Threeway with…

Scott Goodson spurns the status quo. (Which is probably why he left Canada to start up StrawberryFrog six years ago). He's working to revolutionize the way advertising is made and hiring Richard Monturo, former worldwide director of global strategy at TBWA Worldwide, brings him one step closer.

Scott Goodson spurns the status quo. (Which is probably why he left Canada to start up StrawberryFrog six years ago). He’s working to revolutionize the way advertising is made and hiring Richard Monturo, former worldwide director of global strategy at TBWA Worldwide, brings him one step closer.

‘We feel like we’re the young Turks,’ says Goodson, whose agency was fifth on a recent hot-shop list in AdAge. ‘There are the really tired, huge networks that have been around for 70 years, then you have these very highly respected creative agencies, the Goodbys and Fallons – all from the same period. Our goal for 2005 is to have people recognize we reflect the modern world.’ (At press time, Goodson announced the hire of Andy McKeon, a creative with experience at Goodby Silverstein as ECD in the NYC office.)

Think it’s hyperbole? Monturo, who worked on global accounts like McDonald’s while at TBWA, is a believer. In fact, he sought out Strawberry Frog. Strategy asked what sparked the hook-up, and how they plan to achieve world domination.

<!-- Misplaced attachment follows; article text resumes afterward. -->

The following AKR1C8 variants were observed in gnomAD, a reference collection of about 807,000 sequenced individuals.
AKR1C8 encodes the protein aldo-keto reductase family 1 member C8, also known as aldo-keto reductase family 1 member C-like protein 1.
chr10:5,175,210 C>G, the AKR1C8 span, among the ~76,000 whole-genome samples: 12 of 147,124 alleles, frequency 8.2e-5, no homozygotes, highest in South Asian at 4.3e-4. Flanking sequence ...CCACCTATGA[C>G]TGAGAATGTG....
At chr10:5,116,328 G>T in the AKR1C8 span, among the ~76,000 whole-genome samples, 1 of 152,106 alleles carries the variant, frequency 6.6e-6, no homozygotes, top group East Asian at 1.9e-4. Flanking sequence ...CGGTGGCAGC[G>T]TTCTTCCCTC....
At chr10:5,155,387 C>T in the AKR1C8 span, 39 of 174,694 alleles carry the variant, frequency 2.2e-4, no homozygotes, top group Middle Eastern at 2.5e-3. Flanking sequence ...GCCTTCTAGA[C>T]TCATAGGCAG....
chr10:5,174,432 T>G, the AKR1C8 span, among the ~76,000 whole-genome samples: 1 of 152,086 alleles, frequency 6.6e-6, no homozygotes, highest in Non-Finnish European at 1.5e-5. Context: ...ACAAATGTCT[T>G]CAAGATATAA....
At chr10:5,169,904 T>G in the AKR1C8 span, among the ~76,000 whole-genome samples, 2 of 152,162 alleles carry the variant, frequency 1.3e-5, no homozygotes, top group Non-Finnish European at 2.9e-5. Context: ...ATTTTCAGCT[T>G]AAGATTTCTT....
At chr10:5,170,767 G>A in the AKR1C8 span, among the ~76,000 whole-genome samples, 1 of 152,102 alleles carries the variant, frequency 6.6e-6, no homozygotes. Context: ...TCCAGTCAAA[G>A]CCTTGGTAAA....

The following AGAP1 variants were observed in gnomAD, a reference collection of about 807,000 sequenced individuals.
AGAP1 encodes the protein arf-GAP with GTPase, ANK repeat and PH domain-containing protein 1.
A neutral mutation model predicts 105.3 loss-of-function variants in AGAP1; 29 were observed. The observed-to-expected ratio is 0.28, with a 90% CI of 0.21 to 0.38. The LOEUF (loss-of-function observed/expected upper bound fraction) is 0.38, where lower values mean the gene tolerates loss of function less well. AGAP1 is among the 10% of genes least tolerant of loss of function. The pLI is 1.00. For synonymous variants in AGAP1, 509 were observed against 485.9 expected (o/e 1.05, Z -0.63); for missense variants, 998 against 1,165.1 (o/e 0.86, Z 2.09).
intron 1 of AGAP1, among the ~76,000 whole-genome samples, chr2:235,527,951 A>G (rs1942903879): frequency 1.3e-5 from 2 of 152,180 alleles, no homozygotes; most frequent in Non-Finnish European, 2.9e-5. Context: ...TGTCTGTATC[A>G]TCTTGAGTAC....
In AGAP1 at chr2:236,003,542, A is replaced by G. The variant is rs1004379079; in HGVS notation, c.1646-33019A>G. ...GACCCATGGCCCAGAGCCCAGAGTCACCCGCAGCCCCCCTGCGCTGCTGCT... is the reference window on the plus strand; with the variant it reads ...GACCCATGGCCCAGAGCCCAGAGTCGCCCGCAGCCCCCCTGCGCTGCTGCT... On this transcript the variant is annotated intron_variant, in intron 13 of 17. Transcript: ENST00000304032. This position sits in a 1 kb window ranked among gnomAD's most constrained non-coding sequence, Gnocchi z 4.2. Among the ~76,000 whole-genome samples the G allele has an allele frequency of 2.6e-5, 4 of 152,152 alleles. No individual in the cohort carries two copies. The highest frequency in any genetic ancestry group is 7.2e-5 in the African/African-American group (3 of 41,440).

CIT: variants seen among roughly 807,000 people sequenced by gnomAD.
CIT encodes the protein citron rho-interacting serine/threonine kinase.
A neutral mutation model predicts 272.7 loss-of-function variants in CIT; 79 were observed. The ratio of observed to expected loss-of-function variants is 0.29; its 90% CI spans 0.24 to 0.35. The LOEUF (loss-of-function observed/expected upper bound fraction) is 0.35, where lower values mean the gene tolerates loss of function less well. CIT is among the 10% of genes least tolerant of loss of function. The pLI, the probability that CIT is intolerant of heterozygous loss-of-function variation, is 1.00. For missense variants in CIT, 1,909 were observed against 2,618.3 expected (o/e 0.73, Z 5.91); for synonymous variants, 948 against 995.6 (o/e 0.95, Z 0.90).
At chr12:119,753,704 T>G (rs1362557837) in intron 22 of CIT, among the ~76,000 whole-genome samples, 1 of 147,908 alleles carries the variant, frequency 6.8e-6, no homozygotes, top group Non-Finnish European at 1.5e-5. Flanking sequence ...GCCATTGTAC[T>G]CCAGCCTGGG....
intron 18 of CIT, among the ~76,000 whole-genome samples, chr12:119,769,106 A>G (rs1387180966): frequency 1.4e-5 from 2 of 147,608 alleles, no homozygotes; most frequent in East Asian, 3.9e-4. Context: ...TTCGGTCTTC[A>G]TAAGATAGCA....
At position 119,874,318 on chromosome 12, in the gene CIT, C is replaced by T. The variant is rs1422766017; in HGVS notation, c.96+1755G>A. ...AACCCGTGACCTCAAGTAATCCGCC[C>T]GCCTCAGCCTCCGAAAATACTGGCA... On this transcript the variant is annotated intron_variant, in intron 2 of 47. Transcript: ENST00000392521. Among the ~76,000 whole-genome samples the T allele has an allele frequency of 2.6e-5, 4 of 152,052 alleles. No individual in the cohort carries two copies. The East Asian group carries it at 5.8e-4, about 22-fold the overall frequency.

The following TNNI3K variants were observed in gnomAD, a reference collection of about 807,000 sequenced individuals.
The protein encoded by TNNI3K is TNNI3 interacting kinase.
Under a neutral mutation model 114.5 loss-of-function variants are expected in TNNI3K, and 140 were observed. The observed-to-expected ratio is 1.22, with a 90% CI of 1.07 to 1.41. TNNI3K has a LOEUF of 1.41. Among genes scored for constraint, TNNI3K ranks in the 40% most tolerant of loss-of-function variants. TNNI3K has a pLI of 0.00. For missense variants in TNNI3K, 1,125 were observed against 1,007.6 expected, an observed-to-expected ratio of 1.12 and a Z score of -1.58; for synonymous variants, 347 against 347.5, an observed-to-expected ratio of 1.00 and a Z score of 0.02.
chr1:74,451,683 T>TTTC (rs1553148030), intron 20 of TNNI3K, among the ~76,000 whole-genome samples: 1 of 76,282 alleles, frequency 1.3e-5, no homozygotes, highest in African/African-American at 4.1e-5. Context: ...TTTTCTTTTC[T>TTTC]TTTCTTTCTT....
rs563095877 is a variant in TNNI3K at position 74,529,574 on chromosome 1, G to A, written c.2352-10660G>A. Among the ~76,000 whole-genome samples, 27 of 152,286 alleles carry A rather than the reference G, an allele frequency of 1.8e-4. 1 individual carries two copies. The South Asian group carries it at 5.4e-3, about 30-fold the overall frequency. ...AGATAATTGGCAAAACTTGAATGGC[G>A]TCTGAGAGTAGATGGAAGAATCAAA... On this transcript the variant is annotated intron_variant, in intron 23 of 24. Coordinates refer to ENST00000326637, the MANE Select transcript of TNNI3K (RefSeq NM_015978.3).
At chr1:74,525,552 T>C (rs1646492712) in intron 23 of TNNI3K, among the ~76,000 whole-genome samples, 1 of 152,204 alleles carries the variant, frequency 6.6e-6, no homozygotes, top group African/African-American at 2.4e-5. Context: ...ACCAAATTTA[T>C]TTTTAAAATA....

What attracted you to StrawberryFrog?

Monturo: All the agencies talk a really good game, about crossing borders, being media neutral – but it’s all words. It became evident StrawberryFrog did exactly what they said they would.

Car accounts are particularly hard to do breakthrough work for, especially when you’re doing a Japanese brand in Europe. Once I saw Mitsubishi, I said: ‘Okay, they know how to do great work and then get it through what can often be really tricky client organizations.’

So, Scott, how do you get it through?

We have intensive sessions where we bring in people from different walks of life. It could be the former global ad director from Nike, but it could also be someone from film or fashion. When clients hear other points of view, in conjunction with their problems, it opens their minds.

How does that transcend into the work?

With a major account, typically you staff up. Mitsubishi U.S. had 150 people. Instead, we have a core team and then outsource. Key responsibilities stay with us – strategic management, client service and creative. [But] we can bring in so many different disciplines. For Pfizer in the U.S. we threw a rock concert in New York City and brought concert promotion people into the team. It’s just a smart way of working.

We start with the consumer. They don’t give a shit that a spot cost $1 million. PR, buzz, guerrilla, viral – all of that to the consumer is advertising.